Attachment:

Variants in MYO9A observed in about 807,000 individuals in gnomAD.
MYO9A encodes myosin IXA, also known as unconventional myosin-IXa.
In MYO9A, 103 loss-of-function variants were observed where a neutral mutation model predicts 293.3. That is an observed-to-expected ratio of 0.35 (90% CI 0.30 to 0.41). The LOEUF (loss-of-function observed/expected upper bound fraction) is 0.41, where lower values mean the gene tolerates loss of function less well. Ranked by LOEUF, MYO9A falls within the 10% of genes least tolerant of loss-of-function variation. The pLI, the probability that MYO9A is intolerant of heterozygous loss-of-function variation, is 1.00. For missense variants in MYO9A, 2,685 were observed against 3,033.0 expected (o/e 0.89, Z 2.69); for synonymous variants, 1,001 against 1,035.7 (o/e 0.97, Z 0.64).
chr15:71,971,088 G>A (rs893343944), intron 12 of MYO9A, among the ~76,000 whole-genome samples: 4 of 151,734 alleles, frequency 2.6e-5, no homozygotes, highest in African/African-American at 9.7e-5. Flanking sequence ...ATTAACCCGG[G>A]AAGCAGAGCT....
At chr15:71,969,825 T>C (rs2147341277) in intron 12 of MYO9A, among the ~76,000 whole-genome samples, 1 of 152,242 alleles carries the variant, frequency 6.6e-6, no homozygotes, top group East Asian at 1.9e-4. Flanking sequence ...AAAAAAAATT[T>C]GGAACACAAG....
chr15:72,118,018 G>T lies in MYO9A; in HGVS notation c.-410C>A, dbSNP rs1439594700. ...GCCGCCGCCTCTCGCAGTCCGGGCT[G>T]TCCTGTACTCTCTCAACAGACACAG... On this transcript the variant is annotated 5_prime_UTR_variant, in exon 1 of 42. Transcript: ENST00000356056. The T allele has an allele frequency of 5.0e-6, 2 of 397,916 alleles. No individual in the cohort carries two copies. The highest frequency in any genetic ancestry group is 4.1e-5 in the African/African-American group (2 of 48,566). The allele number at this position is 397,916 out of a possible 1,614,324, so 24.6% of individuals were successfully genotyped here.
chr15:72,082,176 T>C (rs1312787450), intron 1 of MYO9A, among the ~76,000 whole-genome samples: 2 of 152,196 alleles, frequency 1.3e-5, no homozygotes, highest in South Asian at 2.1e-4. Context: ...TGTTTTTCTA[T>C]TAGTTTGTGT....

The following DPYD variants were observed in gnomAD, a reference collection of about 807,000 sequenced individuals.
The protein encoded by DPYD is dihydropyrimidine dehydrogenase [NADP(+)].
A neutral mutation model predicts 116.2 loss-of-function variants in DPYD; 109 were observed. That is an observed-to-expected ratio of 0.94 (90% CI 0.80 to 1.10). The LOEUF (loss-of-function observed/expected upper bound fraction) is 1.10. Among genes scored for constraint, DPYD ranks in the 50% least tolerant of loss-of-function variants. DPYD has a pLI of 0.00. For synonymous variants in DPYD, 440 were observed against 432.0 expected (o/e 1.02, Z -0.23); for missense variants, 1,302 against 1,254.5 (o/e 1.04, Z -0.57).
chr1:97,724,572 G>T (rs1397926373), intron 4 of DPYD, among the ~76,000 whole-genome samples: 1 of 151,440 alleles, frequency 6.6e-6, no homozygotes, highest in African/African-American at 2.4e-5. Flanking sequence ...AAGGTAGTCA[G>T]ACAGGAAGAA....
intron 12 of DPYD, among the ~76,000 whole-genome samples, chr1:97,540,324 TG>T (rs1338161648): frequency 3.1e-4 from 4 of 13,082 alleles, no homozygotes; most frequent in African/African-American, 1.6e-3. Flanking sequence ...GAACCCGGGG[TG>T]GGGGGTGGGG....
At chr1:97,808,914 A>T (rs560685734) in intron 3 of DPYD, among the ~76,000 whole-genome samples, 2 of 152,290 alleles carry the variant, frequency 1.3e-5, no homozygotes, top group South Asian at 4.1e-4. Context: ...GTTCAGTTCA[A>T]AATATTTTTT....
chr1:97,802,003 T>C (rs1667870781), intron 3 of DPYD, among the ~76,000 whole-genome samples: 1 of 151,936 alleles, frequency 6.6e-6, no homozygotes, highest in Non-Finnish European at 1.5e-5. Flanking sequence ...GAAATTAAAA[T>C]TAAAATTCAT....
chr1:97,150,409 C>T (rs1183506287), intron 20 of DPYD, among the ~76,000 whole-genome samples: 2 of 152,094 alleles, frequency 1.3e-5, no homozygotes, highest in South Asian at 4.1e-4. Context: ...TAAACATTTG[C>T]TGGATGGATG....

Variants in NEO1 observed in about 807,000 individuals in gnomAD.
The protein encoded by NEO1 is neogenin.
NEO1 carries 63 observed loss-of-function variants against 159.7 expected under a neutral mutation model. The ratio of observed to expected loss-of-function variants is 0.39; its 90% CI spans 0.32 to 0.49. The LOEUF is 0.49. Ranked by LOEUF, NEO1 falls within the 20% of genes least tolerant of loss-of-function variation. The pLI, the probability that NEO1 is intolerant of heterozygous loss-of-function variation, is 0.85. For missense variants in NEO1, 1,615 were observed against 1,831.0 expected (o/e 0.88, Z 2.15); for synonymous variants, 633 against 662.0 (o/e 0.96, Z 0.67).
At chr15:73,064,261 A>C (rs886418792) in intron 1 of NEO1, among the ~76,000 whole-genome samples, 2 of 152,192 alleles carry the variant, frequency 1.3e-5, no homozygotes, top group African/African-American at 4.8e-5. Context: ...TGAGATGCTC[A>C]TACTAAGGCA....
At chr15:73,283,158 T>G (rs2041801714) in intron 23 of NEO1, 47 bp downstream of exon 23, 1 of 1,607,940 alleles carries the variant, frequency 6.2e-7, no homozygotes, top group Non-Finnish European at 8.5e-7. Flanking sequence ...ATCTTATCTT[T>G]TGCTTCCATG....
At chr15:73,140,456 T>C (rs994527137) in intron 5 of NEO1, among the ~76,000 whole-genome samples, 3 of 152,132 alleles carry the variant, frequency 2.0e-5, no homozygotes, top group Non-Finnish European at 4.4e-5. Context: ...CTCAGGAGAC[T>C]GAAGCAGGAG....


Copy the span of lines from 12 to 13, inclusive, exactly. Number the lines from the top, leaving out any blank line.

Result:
intron 12 of DPYD, among the ~76,000 whole-genome samples, chr1:97,540,324 TG>T (rs1338161648): frequency 3.1e-4 from 4 of 13,082 alleles, no homozygotes; most frequent in African/African-American, 1.6e-3. Flanking sequence ...GAACCCGGGG[TG>T]GGGGGTGGGG....
At chr1:97,808,914 A>T (rs560685734) in intron 3 of DPYD, among the ~76,000 whole-genome samples, 2 of 152,290 alleles carry the variant, frequency 1.3e-5, no homozygotes, top group South Asian at 4.1e-4. Context: ...GTTCAGTTCA[A>T]AATATTTTTT....